Paul Bremer, the man who led the US civilian authority in Iraq following the toppling of Saddam, has written a new book about his experience in Iraq and, naturally, is doing the interview rounds to drum up publicity for the book.
On Sunday, Paul Harris of The Observer/Guardian covered one of those interviews
, with NBC, while today National Review Online had its own interview
with Bremer. It is interesting to contrast the two, especially the impression one gets of the tone of Bremers thoughts about Iraq.
For instance, Harris says that Bremer claims that “ultimately the White House bore responsibility for decisions that had led to the current violence.” In the NRO interview, when asked if the current insurgency was the fault of the US, Bremer says simply “No, the insurgency is the fault of the insurgents and the terrorism is the fault of the terrorists."
Harris says that in the NBC interview Bremer “recounted the decision to disband the Iraqi army quickly”, a “decision” which, Harris says, has come under much criticism. But in the NRO interview, Bremer says that no such decision was ever made, calling it a “myth”.
The facts are these: There was not a single Iraqi army unit intact in the country at Liberation. There was no army to “disband.” It had “self-demobilized,” in the Pentagon’s phrase. Hundreds of thousand of Shia draftees, seeing which way the war was going, had simply gone home. They were not going to come back into a hated army.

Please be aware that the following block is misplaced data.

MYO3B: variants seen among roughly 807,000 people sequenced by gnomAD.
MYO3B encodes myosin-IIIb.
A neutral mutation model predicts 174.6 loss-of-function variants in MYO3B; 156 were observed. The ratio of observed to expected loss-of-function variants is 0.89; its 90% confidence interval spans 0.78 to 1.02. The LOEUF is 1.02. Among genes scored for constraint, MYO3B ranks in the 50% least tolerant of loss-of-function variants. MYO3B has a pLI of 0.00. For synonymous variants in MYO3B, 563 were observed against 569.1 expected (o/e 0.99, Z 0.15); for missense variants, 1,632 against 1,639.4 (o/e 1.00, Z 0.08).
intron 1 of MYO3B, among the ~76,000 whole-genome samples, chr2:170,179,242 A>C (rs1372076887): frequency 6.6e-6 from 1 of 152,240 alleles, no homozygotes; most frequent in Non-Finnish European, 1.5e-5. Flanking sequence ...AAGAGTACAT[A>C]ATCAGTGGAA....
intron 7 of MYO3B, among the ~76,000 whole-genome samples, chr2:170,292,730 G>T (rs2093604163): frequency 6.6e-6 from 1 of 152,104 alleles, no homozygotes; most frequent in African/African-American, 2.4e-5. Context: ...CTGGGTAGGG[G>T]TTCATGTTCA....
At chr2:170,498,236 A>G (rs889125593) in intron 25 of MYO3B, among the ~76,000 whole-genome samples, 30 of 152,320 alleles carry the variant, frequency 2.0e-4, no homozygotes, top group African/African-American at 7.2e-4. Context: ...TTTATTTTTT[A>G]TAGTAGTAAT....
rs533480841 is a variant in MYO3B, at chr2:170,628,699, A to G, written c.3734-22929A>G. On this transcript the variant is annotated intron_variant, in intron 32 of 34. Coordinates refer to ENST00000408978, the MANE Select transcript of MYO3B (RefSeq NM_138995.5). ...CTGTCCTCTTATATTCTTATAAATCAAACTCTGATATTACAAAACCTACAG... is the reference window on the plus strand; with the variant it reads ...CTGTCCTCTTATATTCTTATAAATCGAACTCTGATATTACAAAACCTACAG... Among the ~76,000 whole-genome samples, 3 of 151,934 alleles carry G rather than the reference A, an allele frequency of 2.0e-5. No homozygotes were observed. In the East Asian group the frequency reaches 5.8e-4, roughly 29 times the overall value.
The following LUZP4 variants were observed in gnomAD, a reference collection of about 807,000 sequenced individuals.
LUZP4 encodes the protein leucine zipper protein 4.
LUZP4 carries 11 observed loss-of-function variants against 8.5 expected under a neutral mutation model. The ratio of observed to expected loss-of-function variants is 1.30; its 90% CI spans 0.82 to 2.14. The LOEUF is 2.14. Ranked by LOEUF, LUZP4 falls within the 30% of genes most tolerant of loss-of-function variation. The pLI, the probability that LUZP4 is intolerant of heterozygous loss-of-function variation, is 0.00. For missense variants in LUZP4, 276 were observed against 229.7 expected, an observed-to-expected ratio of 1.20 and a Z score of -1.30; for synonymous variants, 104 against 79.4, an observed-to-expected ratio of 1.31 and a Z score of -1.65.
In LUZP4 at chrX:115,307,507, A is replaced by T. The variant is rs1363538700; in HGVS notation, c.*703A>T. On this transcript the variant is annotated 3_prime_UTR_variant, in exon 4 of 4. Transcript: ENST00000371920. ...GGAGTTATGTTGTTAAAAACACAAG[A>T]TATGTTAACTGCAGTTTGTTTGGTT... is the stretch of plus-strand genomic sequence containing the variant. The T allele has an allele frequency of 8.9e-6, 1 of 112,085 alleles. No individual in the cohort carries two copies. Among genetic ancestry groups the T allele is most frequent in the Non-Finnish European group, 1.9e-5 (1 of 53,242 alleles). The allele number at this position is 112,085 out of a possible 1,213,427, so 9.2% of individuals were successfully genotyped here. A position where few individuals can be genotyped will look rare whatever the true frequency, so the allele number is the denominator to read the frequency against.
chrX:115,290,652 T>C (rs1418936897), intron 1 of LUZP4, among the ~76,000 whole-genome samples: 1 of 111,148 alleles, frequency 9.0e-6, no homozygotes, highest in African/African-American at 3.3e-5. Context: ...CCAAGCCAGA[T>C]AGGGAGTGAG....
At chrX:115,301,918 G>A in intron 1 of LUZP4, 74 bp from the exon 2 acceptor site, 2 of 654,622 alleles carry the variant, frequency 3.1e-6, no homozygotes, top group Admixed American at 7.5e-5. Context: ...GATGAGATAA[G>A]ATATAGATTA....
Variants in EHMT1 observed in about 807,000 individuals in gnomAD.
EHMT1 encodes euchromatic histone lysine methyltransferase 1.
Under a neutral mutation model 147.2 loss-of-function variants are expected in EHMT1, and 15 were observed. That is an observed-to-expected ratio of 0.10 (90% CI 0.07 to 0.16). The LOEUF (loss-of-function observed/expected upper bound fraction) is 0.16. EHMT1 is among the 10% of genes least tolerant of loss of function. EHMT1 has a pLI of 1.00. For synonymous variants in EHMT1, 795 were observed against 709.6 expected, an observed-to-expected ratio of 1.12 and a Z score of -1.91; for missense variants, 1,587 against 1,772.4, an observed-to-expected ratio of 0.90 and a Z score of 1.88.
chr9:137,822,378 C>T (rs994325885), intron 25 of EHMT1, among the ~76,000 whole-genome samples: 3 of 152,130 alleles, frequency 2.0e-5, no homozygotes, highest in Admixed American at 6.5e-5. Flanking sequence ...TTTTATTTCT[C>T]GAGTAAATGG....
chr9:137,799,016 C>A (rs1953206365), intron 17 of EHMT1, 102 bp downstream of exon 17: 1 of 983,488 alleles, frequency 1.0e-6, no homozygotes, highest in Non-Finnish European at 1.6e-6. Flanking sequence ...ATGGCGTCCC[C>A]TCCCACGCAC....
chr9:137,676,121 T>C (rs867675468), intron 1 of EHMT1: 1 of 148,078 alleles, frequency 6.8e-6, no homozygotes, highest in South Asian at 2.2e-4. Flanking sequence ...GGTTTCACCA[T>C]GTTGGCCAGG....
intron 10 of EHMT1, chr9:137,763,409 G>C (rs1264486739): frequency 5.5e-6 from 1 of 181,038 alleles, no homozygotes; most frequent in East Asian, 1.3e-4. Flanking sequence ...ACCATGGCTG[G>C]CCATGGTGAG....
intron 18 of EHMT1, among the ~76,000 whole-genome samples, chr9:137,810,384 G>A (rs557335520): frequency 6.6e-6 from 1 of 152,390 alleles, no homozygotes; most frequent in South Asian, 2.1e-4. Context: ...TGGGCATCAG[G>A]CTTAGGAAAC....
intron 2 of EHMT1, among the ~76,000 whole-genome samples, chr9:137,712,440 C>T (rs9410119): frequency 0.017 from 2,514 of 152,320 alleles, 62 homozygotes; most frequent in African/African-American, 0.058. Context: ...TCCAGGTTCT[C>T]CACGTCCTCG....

With regard to the NBC interview, Harris says that “Bremer’s comments will upset [the] optimistic picture [of Iraq being presented by British Foreign Secretary Jack Straw].” However, in the NRO interview, Bremer says:
I stay in touch by phone, e-mail, letter, and message with many Iraqis. I think what would surprise most Americans is how optimistic most Iraqis are about their future despite the daily terrorist attacks. You could say, “Well that’s because they’ve been down so long there’s nowhere to go but up.” But they are going up and one of the least-reported aspects of Iraq is the enormous economic advances they’ve made. According to the IMF, per-capita income has doubled in the past two years.
Harris goes on to claim that Bremer “join(s) a lengthening list of Iraqi hawks turned critics of policy in the country.” Yet in the NRO interview, Bremer says that he remains “a strong supporter of the president, both in the war on terrorism and in the Liberation of Iraq.”
Not having seen the NBC interview, it is difficult to know just what accounts for the discrepancies. Perhaps Bremer is telling different stories to different audiences. Perhaps it was the nature of the questions he was asked. Or maybe, just maybe, it has something to do with Paul Harris spinning Bremer's comments to appear as negative about the liberation of Iraq as he possibly can.
You make the call.